5 Career Tips for Fashion Business Internships
By: Namra Khan
Are you interested in a career in the fashion business? Here are some tips from a fashion student to maximize your potential when applying for internships.
Regardless of whether or not you live in a ‘fashion hub’, you can still get experience. Do you have a fashion blog where you express your style or show fashion projects? A website can be a great way for recruiters to learn more about you and see your skills and passion for the industry.
Do you have retail experience? Whether at a local boutique or department store-retail experience is key to understanding fashion trends, product assortment, consumer interaction, merchandising, and developing soft skills like having to work on a team.
Does your town have fashion weeks? Volunteering for fashion-related causes can show your multitasking skills working in apparel-related high-stress environments. These events can also be a great place to start meeting people in the industry. Additionally, see what programs you can participate in nearby. Programs like the Nordstrom Fashion Ambassador program (for high school students) help students get exposure to the fashion retail industry.
Technical skills are more than knowing a couple of cool tricks in Word. Spend some time learning about the skills you need by looking at specific internship descriptions or current intern LinkedIn profiles.
Many fashion business-related internships want interns who are proficient in Microsoft Office Suite, Adobe Suite, business email writing, and specific retail systems. I suggest taking Coursera, Linkedin Learning, and Google courses online to sharpen and prove these skills to companies. You may even want to show your ability to utilize these skills by incorporating them into the fashion projects on your website.
Resumes and cover letters
The nature of resumes and cover letters is often downplayed. Take note: a resume lists your skills and relevant experience, whereas a cover letter tells a convincing story about how your experience makes you a good fit for the position.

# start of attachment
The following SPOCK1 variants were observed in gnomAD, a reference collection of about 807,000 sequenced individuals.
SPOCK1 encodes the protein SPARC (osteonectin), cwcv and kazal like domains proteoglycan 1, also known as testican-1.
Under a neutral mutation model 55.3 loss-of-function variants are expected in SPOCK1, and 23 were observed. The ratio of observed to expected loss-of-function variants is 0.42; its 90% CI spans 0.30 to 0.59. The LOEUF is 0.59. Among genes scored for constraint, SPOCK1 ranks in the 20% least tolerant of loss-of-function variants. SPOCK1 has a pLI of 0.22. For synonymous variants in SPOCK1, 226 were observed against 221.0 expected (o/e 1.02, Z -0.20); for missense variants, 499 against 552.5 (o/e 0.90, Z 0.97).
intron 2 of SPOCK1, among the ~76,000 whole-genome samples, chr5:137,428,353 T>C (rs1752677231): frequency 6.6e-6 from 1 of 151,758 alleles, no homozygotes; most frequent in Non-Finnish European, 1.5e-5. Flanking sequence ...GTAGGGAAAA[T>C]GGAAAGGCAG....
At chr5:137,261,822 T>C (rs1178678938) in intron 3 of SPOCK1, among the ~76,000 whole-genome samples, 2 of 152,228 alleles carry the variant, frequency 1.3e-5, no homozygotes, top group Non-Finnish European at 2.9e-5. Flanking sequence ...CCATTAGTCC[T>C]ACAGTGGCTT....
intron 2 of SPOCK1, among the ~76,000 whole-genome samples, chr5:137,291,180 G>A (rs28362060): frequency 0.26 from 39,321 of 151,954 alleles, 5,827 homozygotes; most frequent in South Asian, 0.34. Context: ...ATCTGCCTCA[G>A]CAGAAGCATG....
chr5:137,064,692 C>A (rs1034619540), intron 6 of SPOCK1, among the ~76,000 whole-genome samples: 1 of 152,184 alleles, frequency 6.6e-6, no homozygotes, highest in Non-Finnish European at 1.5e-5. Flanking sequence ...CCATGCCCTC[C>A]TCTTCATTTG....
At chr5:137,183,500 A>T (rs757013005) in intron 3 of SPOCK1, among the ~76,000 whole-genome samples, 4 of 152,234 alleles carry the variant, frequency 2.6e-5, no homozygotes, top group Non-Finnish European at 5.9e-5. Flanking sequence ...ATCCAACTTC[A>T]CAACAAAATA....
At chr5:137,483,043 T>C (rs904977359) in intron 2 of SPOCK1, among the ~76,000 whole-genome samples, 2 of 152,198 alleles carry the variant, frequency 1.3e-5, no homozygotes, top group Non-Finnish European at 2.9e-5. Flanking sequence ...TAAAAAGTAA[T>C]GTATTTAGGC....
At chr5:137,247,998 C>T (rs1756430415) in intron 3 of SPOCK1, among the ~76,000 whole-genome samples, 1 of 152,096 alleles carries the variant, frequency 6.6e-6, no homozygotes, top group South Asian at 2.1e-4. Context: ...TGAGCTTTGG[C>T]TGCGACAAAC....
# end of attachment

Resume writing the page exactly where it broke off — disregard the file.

Your resume should have actionable statements. Each bullet point under a title should start with a verb and focus on how you alleviated a pain point for that company. Utilize numerical details like percentages or penetrations, depending on the nature of the role. In this way, listing that you were “responsible for increasing market penetration by 5% in XYZ region” on your resume gives you actionable proof in your cover letter when you claim to be ‘results-driven’.
Applying to larger fashion companies? Your resume is assessed by a computer before a human even sees it. Applicant Tracking Systems (ATS) scan thousands of resumes for keywords—words and phrases that match those of the requirements in the job description. In order to get past the ATS, your resume needs to use these keywords at least 2-3 times. By copying and pasting a role’s description into a word cloud generator, you can find out what keywords will be the most effective.
LinkedIn and Networking
Linkedin: it’s like a professional Facebook. Linkedin is an important tool to put a face and personality to your application and to network your way to success. It also adds visibility and credibility to your internship application. How is that? Well, recruiters can easily find you once you’ve shared your profile with a job posting—you can share skills, projects, and quotes from previous team members on your profile. And it’s easy to find recruiters and HR managers in order to follow up on the status of your application and make your name more memorable in a pile of thousands.
Networking: ‘connecting’ on Linkedin can expand an existing professional relationship or start a completely new one. A rule of thumb for messaging new connections is to ask for small favors rather than big ones. For example, asking a new connection for the name of who to talk to at a company for a potential internship is much more polite than to ask for an email, or worse, for them to introduce you to someone. A key tip is to only ask for a favor after interacting with their profile (liking, commenting, or endorsing them for skills) at least 1-2 weeks prior. If you’re a student, connecting with alumni at aspirational companies can be a great strategy for getting introduced to HR managers who will be looking at your internship application.
There are plenty of blogs, websites, and Youtube channels that can provide you with professional information on how to get ahead in the fashion industry. Some of my favorites are Self Made Millenial-for all of your Linkedin, networking, resume, and interview needs. Glam Observer-a career advice website that offers valuable courses and articles about getting a career in fashion. And sites to find fashion internships like Fashionista.com and Stylecareers.com. Fashion favors self-starters and bold initiators, so don’t be afraid to get started!
If you’re interested in a fashion writing internship, apply to join our team of contributing writers here.